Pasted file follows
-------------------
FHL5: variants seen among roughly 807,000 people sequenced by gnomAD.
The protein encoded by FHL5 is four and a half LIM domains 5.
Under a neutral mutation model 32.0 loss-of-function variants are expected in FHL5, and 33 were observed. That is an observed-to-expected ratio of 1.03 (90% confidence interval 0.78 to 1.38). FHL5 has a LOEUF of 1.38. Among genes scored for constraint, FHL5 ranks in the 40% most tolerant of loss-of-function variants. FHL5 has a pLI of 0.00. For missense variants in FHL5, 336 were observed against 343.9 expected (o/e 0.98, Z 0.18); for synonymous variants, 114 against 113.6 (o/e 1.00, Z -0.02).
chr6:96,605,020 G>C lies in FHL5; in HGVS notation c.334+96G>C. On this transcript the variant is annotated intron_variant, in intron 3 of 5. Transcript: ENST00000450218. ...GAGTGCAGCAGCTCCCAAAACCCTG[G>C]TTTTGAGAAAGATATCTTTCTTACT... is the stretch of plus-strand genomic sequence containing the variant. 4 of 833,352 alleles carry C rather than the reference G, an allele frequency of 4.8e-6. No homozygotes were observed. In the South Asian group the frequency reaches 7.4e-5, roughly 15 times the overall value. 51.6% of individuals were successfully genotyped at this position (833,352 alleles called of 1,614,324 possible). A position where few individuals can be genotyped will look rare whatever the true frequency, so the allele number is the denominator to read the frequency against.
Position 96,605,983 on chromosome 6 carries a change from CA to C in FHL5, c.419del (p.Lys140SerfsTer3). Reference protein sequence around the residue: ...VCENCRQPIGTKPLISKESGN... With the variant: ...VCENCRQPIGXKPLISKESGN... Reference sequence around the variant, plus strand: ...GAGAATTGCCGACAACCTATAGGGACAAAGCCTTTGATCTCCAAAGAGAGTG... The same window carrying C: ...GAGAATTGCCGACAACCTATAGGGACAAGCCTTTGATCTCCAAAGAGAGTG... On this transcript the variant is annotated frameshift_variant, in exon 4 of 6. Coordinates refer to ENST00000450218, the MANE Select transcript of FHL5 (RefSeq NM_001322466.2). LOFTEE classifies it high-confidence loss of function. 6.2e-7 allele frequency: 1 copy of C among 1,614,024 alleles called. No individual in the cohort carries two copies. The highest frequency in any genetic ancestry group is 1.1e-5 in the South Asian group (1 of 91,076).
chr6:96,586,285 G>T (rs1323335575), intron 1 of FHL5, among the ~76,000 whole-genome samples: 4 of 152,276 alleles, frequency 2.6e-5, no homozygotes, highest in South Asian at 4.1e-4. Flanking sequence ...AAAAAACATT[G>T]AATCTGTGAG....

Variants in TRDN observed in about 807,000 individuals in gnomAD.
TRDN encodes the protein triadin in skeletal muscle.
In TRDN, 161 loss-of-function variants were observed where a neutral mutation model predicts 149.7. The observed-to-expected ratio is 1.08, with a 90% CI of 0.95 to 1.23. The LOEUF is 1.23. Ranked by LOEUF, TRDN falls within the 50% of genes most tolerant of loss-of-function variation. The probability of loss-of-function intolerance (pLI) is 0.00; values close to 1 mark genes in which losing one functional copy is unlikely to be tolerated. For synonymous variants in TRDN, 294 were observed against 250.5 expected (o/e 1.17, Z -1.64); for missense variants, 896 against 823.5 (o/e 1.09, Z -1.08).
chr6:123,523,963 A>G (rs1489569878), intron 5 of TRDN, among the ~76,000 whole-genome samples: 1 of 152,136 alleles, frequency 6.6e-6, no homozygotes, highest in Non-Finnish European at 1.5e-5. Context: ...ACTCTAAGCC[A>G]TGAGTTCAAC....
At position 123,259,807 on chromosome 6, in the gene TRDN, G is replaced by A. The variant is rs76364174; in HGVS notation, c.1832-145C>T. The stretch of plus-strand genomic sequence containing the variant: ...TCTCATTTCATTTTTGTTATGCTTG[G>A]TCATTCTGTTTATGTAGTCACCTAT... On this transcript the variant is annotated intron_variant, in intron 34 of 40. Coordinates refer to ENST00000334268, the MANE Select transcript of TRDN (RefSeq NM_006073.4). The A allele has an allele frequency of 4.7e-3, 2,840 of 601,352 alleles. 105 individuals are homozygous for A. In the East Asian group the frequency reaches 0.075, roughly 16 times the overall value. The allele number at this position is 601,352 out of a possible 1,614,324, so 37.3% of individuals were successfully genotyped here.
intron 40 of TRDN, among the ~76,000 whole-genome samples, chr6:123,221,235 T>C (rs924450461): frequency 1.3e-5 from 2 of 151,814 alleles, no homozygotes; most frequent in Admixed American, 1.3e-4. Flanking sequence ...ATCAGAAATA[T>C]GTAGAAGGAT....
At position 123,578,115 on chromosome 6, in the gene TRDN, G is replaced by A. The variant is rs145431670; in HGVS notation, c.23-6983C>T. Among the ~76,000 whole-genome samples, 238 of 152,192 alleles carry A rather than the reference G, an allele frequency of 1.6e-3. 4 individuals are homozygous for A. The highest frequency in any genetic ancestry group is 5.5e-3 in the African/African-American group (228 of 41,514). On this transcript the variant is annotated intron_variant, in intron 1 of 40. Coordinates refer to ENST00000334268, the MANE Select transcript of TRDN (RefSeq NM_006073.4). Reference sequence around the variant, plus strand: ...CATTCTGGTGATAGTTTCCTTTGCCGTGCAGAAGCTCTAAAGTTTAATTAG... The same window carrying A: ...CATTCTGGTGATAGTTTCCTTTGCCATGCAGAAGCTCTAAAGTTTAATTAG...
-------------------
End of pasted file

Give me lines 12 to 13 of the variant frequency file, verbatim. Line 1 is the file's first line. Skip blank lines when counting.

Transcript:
intron 40 of TRDN, among the ~76,000 whole-genome samples, chr6:123,221,235 T>C (rs924450461): frequency 1.3e-5 from 2 of 151,814 alleles, no homozygotes; most frequent in Admixed American, 1.3e-4. Flanking sequence ...ATCAGAAATA[T>C]GTAGAAGGAT....
At position 123,578,115 on chromosome 6, in the gene TRDN, G is replaced by A. The variant is rs145431670; in HGVS notation, c.23-6983C>T. Among the ~76,000 whole-genome samples, 238 of 152,192 alleles carry A rather than the reference G, an allele frequency of 1.6e-3. 4 individuals are homozygous for A. The highest frequency in any genetic ancestry group is 5.5e-3 in the African/African-American group (228 of 41,514). On this transcript the variant is annotated intron_variant, in intron 1 of 40. Coordinates refer to ENST00000334268, the MANE Select transcript of TRDN (RefSeq NM_006073.4). Reference sequence around the variant, plus strand: ...CATTCTGGTGATAGTTTCCTTTGCCGTGCAGAAGCTCTAAAGTTTAATTAG... The same window carrying A: ...CATTCTGGTGATAGTTTCCTTTGCCATGCAGAAGCTCTAAAGTTTAATTAG...